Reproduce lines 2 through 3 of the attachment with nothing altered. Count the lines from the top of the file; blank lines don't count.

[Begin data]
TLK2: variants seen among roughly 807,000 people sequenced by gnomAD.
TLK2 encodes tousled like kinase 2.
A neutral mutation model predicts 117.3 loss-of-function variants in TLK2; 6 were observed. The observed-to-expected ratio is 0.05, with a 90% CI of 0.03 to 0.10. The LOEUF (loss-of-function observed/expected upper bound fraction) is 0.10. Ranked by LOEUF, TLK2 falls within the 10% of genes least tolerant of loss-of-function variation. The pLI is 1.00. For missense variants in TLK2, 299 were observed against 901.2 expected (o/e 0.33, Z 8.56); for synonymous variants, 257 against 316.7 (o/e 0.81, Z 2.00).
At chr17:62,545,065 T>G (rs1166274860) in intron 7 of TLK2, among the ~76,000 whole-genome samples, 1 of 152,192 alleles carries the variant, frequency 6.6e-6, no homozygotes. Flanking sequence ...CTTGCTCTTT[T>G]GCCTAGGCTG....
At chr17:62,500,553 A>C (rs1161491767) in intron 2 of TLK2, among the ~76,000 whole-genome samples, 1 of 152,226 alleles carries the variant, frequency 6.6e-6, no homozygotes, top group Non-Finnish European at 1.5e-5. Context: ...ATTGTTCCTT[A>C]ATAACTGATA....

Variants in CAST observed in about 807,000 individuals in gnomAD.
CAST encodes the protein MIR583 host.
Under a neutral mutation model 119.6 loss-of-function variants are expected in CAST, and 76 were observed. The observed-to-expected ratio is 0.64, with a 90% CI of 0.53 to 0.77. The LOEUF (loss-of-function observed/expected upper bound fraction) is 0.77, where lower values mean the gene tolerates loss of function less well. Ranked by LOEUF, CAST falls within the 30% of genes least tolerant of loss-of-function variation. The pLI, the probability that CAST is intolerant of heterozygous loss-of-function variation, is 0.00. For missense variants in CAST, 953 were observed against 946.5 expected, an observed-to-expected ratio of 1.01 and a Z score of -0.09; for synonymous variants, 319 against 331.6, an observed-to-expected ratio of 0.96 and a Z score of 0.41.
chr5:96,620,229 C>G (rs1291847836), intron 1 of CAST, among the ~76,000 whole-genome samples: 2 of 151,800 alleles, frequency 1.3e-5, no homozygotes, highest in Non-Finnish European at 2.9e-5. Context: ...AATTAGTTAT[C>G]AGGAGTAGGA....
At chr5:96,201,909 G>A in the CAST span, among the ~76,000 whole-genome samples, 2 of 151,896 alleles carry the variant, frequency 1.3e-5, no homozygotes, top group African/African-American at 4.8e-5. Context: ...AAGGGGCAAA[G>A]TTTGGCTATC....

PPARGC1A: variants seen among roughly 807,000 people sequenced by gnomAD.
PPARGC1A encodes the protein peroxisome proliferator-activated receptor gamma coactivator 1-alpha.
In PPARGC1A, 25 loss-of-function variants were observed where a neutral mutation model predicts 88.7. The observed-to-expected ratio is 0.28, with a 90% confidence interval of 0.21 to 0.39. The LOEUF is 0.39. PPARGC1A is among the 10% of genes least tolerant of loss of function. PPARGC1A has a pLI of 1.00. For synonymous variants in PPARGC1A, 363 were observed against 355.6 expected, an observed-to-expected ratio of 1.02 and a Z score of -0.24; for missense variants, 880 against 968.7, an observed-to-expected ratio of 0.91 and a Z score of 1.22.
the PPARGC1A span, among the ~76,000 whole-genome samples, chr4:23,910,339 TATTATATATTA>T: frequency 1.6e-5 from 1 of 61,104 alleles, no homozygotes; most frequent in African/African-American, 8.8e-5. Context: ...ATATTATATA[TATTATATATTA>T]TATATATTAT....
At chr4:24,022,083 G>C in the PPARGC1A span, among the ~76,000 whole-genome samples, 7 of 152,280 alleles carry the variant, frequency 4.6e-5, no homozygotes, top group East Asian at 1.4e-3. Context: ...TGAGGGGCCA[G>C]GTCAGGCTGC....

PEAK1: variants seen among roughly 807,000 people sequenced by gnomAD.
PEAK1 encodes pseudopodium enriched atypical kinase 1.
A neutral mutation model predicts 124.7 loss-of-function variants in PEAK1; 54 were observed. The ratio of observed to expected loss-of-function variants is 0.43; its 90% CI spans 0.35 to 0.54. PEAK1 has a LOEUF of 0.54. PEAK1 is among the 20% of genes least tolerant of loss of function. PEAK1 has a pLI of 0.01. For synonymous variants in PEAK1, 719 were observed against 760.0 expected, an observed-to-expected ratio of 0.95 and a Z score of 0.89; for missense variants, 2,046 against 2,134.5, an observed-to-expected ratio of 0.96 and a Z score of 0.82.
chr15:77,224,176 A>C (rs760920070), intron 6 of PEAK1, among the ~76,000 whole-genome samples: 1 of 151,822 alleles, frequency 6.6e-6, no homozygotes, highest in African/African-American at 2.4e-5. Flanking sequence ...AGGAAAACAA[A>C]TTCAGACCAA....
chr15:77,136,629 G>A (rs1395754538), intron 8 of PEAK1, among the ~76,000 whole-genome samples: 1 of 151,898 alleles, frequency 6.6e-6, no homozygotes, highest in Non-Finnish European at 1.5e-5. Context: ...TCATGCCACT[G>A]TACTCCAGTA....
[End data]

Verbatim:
TLK2 encodes tousled like kinase 2.
A neutral mutation model predicts 117.3 loss-of-function variants in TLK2; 6 were observed. The observed-to-expected ratio is 0.05, with a 90% CI of 0.03 to 0.10. The LOEUF (loss-of-function observed/expected upper bound fraction) is 0.10. Ranked by LOEUF, TLK2 falls within the 10% of genes least tolerant of loss-of-function variation. The pLI is 1.00. For missense variants in TLK2, 299 were observed against 901.2 expected (o/e 0.33, Z 8.56); for synonymous variants, 257 against 316.7 (o/e 0.81, Z 2.00).